Apple is officially in the , a mostly digital card that's available now for those . With its tight ties to the iPhone ($781 at Amazon) -- you -- Apple is once again using its services to help make the iPhone more valuable to its loyal users. As with , making the software on the device appealing is as important as making the device itself attention-grabbing. The role of these services is especially important as .
See, Apple Card, Apple Pay and Apple Cash will all be accessible from your iPhone's digital wallet -- they each have their own purpose. Here's what they are, and how you'll use them.
If you're interested in learning more about setting up using Apple Pay, watch the How To Use Apple Pay video below.
Apple Pay is the lynchpin
Apple Pay is the name of the system that makes digital payments with your iPhone possible. It lives in the Wallet app and was designed to replace the need to cart around physical payment cards. As withand , you load the details of your real-life credit and debit cards into the Apple Pay app. Then, you can call up your virtual credit card to make payments online or in stores with your iPhone instead of thumbing through your wallet for your card.
Apple Pay requires your authentication in order to kick off a payment. You'll either scan your face using Face ID, scan your fingerprint or type in your passcode to verify your identity. In stores, you'll hold the iPhone near the NFC payment terminal until you see confirmation. For online purchases, you'll verify your identity, and the software will take over from there to complete the purchase.
Apple Pay works on its own, but you can add an Apple Card as one of your credit cards (see below for more details) and can use Apple Cash to shuttle funds to and from your friends and family.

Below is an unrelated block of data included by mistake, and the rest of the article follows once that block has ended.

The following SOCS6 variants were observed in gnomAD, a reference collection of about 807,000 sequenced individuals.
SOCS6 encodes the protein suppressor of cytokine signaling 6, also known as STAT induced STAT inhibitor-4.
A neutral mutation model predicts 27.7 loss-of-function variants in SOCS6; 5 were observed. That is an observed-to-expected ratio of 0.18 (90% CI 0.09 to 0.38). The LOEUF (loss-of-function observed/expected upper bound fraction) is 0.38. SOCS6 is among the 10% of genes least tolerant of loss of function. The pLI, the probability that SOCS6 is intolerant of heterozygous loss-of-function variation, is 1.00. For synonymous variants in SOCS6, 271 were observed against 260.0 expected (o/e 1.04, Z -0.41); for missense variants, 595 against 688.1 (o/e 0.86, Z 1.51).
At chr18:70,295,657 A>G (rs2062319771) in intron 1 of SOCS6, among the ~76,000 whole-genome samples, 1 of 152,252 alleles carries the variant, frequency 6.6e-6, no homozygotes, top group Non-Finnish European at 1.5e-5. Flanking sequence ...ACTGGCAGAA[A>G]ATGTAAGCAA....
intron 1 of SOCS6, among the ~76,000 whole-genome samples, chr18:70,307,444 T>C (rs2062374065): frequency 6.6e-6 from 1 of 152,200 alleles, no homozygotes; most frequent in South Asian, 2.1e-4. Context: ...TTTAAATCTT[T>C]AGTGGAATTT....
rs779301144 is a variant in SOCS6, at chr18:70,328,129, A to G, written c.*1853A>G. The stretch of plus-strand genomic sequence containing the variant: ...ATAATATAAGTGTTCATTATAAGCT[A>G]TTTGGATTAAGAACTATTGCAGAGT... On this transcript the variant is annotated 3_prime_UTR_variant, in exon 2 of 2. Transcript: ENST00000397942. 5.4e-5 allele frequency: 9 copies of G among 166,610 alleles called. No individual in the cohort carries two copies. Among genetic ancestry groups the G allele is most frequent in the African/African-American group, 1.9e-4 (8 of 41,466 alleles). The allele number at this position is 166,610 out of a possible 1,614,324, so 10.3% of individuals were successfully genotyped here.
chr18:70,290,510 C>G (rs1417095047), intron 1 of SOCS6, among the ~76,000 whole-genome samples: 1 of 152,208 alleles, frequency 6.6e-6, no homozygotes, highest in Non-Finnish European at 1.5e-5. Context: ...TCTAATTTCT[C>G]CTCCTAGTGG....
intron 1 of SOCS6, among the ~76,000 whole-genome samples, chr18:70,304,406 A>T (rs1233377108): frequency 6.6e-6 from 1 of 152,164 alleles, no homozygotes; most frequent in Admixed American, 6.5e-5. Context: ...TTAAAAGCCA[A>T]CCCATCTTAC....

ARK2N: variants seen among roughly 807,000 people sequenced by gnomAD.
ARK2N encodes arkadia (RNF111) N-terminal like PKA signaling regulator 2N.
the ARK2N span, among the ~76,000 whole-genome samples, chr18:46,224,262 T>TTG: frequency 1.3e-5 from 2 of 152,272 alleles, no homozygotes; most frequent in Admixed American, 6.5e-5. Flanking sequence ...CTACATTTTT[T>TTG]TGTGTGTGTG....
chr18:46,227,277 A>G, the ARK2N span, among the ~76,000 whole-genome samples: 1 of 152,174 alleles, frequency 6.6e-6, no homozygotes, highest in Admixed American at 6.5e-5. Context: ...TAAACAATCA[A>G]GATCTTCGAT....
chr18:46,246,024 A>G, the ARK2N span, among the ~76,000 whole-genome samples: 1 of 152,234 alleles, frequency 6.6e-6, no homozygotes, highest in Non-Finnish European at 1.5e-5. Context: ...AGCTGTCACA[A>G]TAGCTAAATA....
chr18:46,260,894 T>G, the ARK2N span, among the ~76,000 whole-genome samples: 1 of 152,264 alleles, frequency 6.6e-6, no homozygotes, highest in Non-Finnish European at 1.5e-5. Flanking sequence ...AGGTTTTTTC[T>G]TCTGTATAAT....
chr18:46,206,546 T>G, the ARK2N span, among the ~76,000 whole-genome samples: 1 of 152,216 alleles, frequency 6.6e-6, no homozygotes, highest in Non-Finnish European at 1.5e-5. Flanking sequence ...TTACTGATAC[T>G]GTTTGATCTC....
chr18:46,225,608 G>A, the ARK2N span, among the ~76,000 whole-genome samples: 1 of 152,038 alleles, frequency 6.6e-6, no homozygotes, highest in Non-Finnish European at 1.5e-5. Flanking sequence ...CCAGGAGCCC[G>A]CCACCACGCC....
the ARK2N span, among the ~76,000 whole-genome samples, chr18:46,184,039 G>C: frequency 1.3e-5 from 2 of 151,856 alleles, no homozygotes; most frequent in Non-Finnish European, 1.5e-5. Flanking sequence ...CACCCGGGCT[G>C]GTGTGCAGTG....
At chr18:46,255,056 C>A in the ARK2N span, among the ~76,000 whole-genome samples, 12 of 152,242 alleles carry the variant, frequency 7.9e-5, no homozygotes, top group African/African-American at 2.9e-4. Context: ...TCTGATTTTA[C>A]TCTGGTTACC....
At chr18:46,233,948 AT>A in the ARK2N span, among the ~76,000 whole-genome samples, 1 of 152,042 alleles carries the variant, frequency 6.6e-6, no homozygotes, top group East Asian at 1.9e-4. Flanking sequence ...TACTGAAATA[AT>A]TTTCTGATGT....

Apple Card is tied to your bank account
Apple's new credit card is backed by Mastercard and Goldman Sachs. It acts like a "real" credit card just like the plastic or metal card in your wallet or purse, with interest rates and up to 3% cash back, but it mostly lives as a digital card on your phone.
There's also a physical card element, with Apple shipping you a slick titanium rectangle with your name engraved on it. This is to use on the occasion that a brick-and-mortar store doesn't take Apple Pay.
What does Apple Pay have to do with it? Everything. Apple Card is one more card that you can use digitally with Apple Pay. Instead of loading in and using your usual bank card from Chase or Wells Fargo, you use your Apple Card from Goldman Sachs.
Convenience and a strong emphasis on security are two reasons you'd use Apple Card, and we recommend reading up onif you're interested in signing up this summer. Remember, you can continue to use Apple's digital payment system with your own credit cards.
Apple Cash is peer-to-peer
Apple Cash is a service that's built into the Apple Pay platform that lets you send, receive and request money from others through iMessages.
Apple refers to it as a "prepaid debit card in your Apple Wallet." It's similar to Venmo, but you'll have to account by using your debit card in the Wallet app. Apple confirmed that in Apple Cash. Apple Cash works across iOS devices like iPhone, Apple Watch ($349 at Amazon), iPad ($249 at Walmart) and Mac.
To use Apple Cash, you must be at least 18 years old and be a US resident. You'll need to have iOS 11.2 or later, or if you're using an Apple Watch, WatchOS 4.2 or later. You'll also want to make sure you're signed into iCloud on each device you want to send and receive money through. You launch the request in iMessages and confirm with Face ID, Touch ID or your passcode.
When you receive cash from a contact, you'll find it in a digital Apple Cash card in the Wallet (you'll have to agree to the terms and conditions to set this up). You can use this cash to make payments in stores, in apps and online -- or you can transfer your balance to your bank account. You can also transfer the balance to your bank account linked to Apple Pay.